Arlington, VA | December 22, 2020 — National Apartment Association (NAA) President and CEO Bob Pinnegar and National Multifamily Housing Council (NMHC) President Doug Bibby issued the following statement on the passage of a roughly $900 billion COVID relief package.
“NAA and NMHC congratulate Congressional leaders in both parties on the passage of a COVID relief package that will provide desperately needed support to millions of Americans who call an apartment home. We look forward to President Trump signing it into law.
“For the better part of a year, NAA and NMHC have been at the forefront of calling on policymakers to pass legislation which includes rental assistance as well as a number of other key priorities. While there remains much work to do in the coming weeks and months, this effort is clearly a step in the right direction and will come as welcome news for so many households facing financial distress. Importantly, this package includes:
- $25 billion in dedicated rental assistance
- $600 in direct stimulus checks
- $300 per week in enhanced unemployment benefits through March. Expiring unemployment programs for gig workers and long-term unemployed were also extended
- $284billion for a second forgivable Paycheck Protection Program (PPP) loan
“We are heartened that the legislation includes such critical resources that will allow those impacted by COVID and resulting economic distress to meet their financial obligations, including rent. Unfortunately, it also extends the current CDC eviction moratorium until January 31, 2021. Eviction moratoriums fail to address a renter’s underlying financial distress and do not address housing instability. The resources provided in this package, as well as future support that will need to be extended in 2021, are essential to addressing apartment residents’ financial challenges – not interminable moratoriums.
“NAA and NMHC will continue to work with policymakers on future legislation to ensure that residents and housing providers have the support necessary to allow for a sustainable and equitable recovery. As part of that recovery, targeted and limited liability protections for apartment firms will be a critical component of future COVID packages.”
For more than 25 years, the National Apartment Association (NAA) and the National Multifamily Housing Council (NMHC) have partnered on behalf of America's apartment industry. Drawing on the knowledge and policy expertise of staff in Washington, D.C., as well as the advocacy power of 155 NAA state and local affiliated associations, NAA and NMHC provide a single voice for developers, owners and operators of multifamily rental housing. One-third of all Americans rent their housing, and 40 million of them live in an apartment home.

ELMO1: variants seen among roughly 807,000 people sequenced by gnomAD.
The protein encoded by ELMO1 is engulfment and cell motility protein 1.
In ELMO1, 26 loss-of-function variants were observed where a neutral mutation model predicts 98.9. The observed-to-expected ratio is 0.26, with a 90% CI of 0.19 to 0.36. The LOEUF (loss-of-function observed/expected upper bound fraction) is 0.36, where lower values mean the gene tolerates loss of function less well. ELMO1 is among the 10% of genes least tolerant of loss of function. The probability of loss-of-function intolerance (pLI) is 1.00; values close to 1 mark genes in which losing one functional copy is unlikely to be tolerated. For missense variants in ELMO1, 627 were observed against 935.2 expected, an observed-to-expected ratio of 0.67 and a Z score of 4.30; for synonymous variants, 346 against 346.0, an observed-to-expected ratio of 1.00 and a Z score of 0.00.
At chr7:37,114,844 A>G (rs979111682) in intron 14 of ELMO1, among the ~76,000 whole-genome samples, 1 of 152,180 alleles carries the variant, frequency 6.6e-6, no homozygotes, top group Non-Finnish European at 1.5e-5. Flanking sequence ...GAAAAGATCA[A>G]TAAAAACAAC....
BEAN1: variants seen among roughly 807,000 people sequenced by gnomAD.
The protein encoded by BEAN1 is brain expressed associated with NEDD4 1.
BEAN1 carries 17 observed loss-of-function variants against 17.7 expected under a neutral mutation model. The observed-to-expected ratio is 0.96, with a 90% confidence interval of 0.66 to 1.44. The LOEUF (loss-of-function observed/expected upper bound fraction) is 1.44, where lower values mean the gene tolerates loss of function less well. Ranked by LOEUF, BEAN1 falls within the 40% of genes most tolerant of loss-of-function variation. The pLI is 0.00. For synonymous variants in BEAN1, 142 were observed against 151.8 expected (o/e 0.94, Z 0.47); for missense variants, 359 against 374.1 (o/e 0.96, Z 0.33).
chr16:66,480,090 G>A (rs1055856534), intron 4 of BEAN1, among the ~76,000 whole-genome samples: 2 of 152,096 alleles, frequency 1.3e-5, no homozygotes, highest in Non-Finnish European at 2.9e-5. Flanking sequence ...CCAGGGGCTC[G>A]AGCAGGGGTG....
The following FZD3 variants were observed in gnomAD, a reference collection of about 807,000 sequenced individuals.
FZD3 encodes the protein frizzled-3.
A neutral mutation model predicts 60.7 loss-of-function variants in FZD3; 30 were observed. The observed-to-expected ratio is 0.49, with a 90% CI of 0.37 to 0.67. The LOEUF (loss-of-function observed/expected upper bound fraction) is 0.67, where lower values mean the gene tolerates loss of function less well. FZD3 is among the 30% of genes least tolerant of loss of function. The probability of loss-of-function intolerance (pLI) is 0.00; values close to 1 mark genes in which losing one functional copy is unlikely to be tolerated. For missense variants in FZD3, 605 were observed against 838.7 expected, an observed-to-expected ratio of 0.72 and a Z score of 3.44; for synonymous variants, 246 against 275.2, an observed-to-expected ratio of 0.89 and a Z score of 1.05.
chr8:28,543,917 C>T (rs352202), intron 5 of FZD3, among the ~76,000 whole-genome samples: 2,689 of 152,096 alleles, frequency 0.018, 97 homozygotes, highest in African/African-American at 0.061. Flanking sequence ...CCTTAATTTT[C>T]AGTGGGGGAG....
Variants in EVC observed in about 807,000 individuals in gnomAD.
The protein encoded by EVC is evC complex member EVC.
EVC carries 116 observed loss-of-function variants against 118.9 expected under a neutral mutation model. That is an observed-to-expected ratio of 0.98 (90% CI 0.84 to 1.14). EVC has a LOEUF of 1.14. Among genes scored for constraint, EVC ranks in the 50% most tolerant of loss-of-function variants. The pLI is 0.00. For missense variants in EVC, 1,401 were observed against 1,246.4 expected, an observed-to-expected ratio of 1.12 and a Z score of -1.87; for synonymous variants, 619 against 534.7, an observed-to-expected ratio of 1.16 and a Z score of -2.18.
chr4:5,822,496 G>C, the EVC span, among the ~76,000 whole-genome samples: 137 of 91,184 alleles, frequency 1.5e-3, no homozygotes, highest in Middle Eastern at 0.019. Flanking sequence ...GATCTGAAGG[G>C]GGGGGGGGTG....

Apartment companies think outside the box to protect staff from COVID-19.
By Bendix Anderson
Apartments companies across the U.S. have worked hard to keep residents safe during the COVID-19 pandemic. But they have been just as focused on protecting employees—even as growing business activity brings their leasing professionals and maintenance teams into contact with residents or prospective residents.
“As the colder seasons approach and the pandemic continues, it will be critical that team members remain vigilant about safety practices,” says Mike Brewer, Chief Operating Officer of the RADCO Companies.
Many apartment companies are now sending staff members back to leasing offices that operated with skeleton crews during the height of the pandemic. Others are beginning to engage with residents in person and sending maintenance crews into apartments to address the backlog of problems that have piled up since the pandemic began.
“Most amenities and leasing offices were closed over the summer,” says Demi Sterling-Kinney, Vice President of Operations at Aspen Heights Partners. “We have since reopened many of these with policies in place that support social distancing.”
Leasing Offices Gradually Reopen
Numerous apartment communities closed their leasing offices to residents and potential residents in the first few months of the pandemic.
“Our existing technology gave us confidence that closing our leasing offices would not unduly interrupt business continuity,” says Brewer. A skeleton crew of property managers still showed up to work behind the closed doors of the leasing offices at RADCO’s communities, he says. They did the basic business of keeping the apartments safe and habitable, communicating with residents through phone, email and the internet.
“We remain closed to the public,” Brewer adds. “We have since returned to fully staffing our leasing offices with appropriate social distancing and personal protective equipment protocols in place.”
Apartment companies typically decide what their staff members can and cannot do by following the regulations set by local health officials to the letter. But some companies have gone beyond what local regulations demand to help keep their staff and residents safe.
“We began taking steps to ensure safe operation nationwide two weeks before the national emergency,” says Patrick Appleby, President of WinnResidential.